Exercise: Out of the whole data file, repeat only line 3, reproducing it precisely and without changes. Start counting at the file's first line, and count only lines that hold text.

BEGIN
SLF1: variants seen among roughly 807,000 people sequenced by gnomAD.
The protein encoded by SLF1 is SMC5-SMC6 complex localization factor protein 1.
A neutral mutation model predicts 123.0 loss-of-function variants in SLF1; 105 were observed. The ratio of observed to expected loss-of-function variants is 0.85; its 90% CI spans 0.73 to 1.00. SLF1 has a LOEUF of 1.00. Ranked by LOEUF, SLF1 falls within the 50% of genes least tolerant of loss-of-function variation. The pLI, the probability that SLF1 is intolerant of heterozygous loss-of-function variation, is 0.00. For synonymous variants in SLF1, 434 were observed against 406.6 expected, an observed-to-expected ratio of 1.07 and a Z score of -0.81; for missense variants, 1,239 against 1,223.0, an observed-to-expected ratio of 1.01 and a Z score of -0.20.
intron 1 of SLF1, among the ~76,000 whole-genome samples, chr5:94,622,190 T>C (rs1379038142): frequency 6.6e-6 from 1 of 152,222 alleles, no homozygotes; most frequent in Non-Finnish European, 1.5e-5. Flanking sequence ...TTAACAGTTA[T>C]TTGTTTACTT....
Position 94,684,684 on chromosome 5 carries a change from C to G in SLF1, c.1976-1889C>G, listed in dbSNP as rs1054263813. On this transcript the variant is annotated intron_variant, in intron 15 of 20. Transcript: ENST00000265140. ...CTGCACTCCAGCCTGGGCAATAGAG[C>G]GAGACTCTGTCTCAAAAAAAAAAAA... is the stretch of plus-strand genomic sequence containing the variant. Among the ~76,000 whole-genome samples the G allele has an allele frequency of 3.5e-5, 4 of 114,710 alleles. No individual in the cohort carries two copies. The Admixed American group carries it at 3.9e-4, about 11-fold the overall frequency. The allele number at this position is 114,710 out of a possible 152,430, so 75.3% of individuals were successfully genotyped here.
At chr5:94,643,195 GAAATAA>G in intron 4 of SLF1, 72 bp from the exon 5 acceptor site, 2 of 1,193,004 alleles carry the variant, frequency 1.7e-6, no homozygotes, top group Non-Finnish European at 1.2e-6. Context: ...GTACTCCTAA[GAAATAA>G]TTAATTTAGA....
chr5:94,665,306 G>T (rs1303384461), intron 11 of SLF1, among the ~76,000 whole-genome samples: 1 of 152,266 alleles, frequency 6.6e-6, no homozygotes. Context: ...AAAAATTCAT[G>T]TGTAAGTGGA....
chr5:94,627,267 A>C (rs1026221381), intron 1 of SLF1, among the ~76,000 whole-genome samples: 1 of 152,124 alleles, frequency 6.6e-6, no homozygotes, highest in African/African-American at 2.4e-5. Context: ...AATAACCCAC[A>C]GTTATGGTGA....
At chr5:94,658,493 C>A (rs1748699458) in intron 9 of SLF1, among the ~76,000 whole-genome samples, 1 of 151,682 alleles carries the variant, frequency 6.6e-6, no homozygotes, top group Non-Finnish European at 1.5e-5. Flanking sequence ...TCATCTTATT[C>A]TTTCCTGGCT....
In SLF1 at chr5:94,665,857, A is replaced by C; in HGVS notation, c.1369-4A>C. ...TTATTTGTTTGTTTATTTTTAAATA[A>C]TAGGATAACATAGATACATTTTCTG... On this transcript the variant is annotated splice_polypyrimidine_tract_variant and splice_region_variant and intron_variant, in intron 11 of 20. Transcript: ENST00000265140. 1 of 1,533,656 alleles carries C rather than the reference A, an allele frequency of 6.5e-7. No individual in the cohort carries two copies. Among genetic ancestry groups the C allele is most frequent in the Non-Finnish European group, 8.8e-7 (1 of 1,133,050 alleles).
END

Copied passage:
A neutral mutation model predicts 123.0 loss-of-function variants in SLF1; 105 were observed. The ratio of observed to expected loss-of-function variants is 0.85; its 90% CI spans 0.73 to 1.00. SLF1 has a LOEUF of 1.00. Ranked by LOEUF, SLF1 falls within the 50% of genes least tolerant of loss-of-function variation. The pLI, the probability that SLF1 is intolerant of heterozygous loss-of-function variation, is 0.00. For synonymous variants in SLF1, 434 were observed against 406.6 expected, an observed-to-expected ratio of 1.07 and a Z score of -0.81; for missense variants, 1,239 against 1,223.0, an observed-to-expected ratio of 1.01 and a Z score of -0.20.